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Logistics Service Provider DSV: “RFID would be our method of choice for effective cross-docking”

Use Cases | By PR RFID & Wireless IoT Global | 01 February 2016
RFID im Lagermanagement und in Supply-Chain-Prozessen RFID im Lagermanagement und in Supply-Chain-Prozessen Photo: DSV Road

RFID is already an integral part of internal warehouse management – the logistics service provider DSV identifies the need for technological development in supply chain processes

In several automotive industry logistics centres, RFID is already an integral part of in-house logistics for goods movement control. “We want to have this optimisation in the supply chain, too. In a technological sense, this area has hardly moved on”, explains Paul Claessen, Automotive Development Manager at the logistics provider DSV Road. Critical cross-docking processes especially could become significantly more effective and much safer through the use of standardised RFID.

Paul Claessen, Automotive Development Manager at DSV Road, in interview with ‘RFID im Blick’

The logistics service provider DSV is responsible for the logistics of the Road, Air & Sea and Solutions divisions for around 450 customers in the automotive sector, including automobile manufacturers such as Volvo, Audi, BMW, GM, and contract manufacturer Valmet (Daimler). DSV operates logistics centres worldwide, 20 of which are in Europe. RFID container management is an integral part of the warehouse processes at DSV sites, including Volvo Cars’ flagship site in Gent. After construction and several years of operation by DSV, it was handed over to the OEM (Original Equipment Manufacturer). The transport and logistics service provider employs RFID not only in the automotive sector, but also across industries. DSV Solutions B.V. (Moerdijk) in the Netherlands uses RFID, for example to transparently design and optimise the entire supply chain of its customer Waterpik, who manufacture dental care products.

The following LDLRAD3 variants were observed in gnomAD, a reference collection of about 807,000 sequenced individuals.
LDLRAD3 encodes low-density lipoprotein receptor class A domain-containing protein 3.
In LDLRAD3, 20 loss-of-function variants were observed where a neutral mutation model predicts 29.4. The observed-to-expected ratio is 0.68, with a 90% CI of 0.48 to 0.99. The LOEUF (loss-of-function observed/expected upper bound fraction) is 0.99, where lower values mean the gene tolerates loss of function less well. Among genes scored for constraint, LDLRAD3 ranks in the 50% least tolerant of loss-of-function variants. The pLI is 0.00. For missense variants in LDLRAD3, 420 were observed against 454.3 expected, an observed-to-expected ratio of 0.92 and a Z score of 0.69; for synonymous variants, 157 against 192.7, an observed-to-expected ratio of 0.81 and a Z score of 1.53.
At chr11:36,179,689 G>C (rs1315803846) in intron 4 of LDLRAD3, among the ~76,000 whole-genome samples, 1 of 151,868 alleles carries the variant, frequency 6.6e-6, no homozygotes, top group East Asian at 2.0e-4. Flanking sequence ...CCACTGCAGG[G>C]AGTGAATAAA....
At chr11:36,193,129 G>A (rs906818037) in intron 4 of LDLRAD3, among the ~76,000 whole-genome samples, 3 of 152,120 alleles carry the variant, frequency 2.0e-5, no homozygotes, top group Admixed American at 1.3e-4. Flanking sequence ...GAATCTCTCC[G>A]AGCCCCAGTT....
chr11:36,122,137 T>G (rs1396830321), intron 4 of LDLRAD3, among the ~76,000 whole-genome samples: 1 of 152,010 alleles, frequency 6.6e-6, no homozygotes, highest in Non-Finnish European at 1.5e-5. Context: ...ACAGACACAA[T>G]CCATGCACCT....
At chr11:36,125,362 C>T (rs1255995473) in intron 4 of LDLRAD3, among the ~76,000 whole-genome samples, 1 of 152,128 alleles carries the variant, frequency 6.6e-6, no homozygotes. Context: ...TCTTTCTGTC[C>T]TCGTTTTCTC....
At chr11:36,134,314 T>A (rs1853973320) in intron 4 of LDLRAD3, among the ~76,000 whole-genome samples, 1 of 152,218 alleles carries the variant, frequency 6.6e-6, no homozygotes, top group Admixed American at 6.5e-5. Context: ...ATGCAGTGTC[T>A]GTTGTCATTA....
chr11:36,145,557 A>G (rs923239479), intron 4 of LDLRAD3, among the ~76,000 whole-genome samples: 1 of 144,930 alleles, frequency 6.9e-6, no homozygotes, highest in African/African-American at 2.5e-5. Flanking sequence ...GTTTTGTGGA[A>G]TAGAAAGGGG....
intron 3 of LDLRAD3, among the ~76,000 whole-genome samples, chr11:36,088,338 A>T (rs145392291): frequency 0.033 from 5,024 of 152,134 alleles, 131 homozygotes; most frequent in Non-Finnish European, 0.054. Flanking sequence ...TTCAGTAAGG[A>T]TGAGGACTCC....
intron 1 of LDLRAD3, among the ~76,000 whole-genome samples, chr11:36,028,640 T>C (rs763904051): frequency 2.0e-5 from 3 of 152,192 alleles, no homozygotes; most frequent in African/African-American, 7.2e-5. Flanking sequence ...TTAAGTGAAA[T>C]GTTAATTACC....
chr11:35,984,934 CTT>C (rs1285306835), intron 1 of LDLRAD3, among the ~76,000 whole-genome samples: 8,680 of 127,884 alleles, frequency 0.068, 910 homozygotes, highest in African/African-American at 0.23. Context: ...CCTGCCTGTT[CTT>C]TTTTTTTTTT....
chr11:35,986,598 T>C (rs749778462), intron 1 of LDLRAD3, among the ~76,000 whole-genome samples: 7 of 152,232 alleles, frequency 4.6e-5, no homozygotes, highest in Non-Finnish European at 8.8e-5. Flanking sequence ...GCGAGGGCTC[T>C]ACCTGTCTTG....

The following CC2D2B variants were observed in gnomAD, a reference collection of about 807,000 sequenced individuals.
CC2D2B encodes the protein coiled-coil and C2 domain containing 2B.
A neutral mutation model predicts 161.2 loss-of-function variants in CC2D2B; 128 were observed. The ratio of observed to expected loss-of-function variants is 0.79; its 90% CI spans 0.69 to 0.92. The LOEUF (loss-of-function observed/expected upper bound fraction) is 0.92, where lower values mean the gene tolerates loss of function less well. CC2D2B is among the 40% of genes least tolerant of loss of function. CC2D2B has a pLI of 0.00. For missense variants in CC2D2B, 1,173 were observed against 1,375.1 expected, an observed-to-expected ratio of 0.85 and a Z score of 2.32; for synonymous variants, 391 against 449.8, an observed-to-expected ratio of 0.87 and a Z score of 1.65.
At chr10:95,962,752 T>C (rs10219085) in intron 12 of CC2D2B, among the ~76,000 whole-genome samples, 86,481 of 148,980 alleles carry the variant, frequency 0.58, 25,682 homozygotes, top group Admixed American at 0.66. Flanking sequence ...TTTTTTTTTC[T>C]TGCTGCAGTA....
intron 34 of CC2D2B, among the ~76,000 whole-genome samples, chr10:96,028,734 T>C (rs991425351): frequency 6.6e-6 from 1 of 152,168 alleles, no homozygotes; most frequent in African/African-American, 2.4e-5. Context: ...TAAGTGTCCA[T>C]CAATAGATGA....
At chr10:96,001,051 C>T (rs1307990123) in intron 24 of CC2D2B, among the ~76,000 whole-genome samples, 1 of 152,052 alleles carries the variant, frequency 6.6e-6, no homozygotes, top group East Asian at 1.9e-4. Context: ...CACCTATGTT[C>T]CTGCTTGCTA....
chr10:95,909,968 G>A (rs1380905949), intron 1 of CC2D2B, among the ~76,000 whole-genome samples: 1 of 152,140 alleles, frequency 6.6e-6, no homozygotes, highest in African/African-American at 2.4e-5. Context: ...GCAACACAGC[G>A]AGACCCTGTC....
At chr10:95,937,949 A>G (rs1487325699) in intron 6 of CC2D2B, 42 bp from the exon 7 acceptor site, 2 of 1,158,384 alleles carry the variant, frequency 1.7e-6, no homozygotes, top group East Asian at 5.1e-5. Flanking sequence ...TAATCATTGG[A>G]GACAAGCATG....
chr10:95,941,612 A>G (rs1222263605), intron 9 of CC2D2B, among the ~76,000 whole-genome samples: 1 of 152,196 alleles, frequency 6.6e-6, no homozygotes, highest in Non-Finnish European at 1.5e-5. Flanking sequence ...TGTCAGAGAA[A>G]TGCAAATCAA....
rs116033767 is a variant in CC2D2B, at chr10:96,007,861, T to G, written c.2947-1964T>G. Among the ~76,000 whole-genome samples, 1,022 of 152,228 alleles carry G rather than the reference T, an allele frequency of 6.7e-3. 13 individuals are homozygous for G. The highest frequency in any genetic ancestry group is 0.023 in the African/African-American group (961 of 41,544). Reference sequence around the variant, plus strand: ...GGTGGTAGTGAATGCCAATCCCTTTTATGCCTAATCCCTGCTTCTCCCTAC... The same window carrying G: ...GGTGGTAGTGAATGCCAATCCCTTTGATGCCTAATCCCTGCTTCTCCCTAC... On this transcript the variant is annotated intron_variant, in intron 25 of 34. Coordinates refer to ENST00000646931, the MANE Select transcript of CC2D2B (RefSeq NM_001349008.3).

Paul ClaessenPaul Claessen “We have the technology and the benefits of RFID are understood, so the question is, when does the automotive industry start to use it? We would join a development project at any time!”

RFID is integrated in-house – but is the supply chain an issue?

“Several solutions facilities that we operate already provide in-house RFID. We don’t just use the technology to suit the customer – as a logistics service provider we also benefit”, explains Paul Claessen, Automotive Development Manager at DSV Road. “In our complex storage business, the technology allows us to obtain full control of local material movements. Especially in sequencing processes, we require very high reliability. In the picking process only, just 30 to 50 errors per million activities are allowed. We use all means to achieve this. But we can still become faster, better and more reliable if we use RFID in the supply chain. The latter process, however, is not as technologically developed as we would like it to be”, says the Automotive Development Manager.

Critical point in the chain: groupage

Claessen still sees potential for optimisation in the road business. A particularly critical point in the inbound business is groupage freight, which is handled via cross-dock systems as a single package or a small cardboard box: “Hundreds of thousands of packages for various automotive manufacturers run daily through our logistics centres – and shipping errors can have fatal consequences. If a small part that is not much used in assembly goes to the wrong site, in a worst-case scenario it can mean assembly line standstill – and a two-hour standstill can quickly add up to a loss of 120,000 Euros. From our perspective, these costs are a good justification for investing in technologies that reduce errors”, says the Development Manager.

Paper is no longer appropriate in the 21st century

“We don’t understand why producers have not delved deeper into RFID processes and have not yet taken the initiative to establish an integral chain together with the logisticians, particularly when you see the high requirements they have. There are many good reasons to do so”, says the expert. Claessen sees tangible benefits in the digitisation of processes, not only in cost savings: “in the 21st century, paper-based working is unnecessary in our view, insecure and absolutely not up to date”, he explains. DSV is pushing for activities to replace paper-based processes for internal optimisation. “We are creating incentives by offering discounts for our services when deliveries are paperless.”

RFID and standards for effective cross-docking

Goods delivery from different manufacturers is currently largely based on barcodes that contain different data formats. DSV uses separate software systems and EDI as well as differently configured scanners for each manufacturer. “We see that many manufacturers have pulled back from VDA standard derivatives. In practice this means that we cannot compare one label manufacturer with another. Of course, as service providers we adapt to this situation, but standardised RFID labels would very greatly facilitate the work to operate cross-docking in an effective and secure way. We are convinced of RFID technology and would join a development project at any time – we would even take over the development costs.”

Last modified on Thursday, 12 May 2016 12:41
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